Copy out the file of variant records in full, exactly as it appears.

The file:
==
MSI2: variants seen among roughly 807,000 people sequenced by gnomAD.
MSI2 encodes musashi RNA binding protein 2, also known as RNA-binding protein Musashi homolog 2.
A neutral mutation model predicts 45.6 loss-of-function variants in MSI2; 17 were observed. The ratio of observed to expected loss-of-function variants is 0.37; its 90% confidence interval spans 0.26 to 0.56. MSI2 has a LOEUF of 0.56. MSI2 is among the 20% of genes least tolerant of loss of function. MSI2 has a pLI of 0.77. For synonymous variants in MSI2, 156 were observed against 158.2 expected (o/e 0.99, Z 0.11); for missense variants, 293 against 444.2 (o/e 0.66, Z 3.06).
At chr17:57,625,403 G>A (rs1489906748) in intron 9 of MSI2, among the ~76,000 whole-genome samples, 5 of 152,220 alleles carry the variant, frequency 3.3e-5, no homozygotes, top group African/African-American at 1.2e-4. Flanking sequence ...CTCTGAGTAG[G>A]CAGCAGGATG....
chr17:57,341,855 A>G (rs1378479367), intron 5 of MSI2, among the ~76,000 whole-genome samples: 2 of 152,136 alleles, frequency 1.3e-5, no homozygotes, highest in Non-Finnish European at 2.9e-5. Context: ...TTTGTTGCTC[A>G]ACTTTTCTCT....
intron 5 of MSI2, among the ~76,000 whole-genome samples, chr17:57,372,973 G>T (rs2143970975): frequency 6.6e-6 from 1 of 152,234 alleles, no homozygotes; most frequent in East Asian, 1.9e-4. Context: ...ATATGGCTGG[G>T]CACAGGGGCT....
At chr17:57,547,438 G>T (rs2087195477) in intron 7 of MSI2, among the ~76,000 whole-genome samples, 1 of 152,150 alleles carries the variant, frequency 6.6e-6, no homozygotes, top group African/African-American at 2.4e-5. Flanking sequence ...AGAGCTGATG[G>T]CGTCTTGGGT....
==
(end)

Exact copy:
MSI2: variants seen among roughly 807,000 people sequenced by gnomAD.
MSI2 encodes musashi RNA binding protein 2, also known as RNA-binding protein Musashi homolog 2.
A neutral mutation model predicts 45.6 loss-of-function variants in MSI2; 17 were observed. The ratio of observed to expected loss-of-function variants is 0.37; its 90% confidence interval spans 0.26 to 0.56. MSI2 has a LOEUF of 0.56. MSI2 is among the 20% of genes least tolerant of loss of function. MSI2 has a pLI of 0.77. For synonymous variants in MSI2, 156 were observed against 158.2 expected (o/e 0.99, Z 0.11); for missense variants, 293 against 444.2 (o/e 0.66, Z 3.06).
At chr17:57,625,403 G>A (rs1489906748) in intron 9 of MSI2, among the ~76,000 whole-genome samples, 5 of 152,220 alleles carry the variant, frequency 3.3e-5, no homozygotes, top group African/African-American at 1.2e-4. Flanking sequence ...CTCTGAGTAG[G>A]CAGCAGGATG....
chr17:57,341,855 A>G (rs1378479367), intron 5 of MSI2, among the ~76,000 whole-genome samples: 2 of 152,136 alleles, frequency 1.3e-5, no homozygotes, highest in Non-Finnish European at 2.9e-5. Context: ...TTTGTTGCTC[A>G]ACTTTTCTCT....
intron 5 of MSI2, among the ~76,000 whole-genome samples, chr17:57,372,973 G>T (rs2143970975): frequency 6.6e-6 from 1 of 152,234 alleles, no homozygotes; most frequent in East Asian, 1.9e-4. Context: ...ATATGGCTGG[G>T]CACAGGGGCT....
At chr17:57,547,438 G>T (rs2087195477) in intron 7 of MSI2, among the ~76,000 whole-genome samples, 1 of 152,150 alleles carries the variant, frequency 6.6e-6, no homozygotes, top group African/African-American at 2.4e-5. Flanking sequence ...AGAGCTGATG[G>T]CGTCTTGGGT....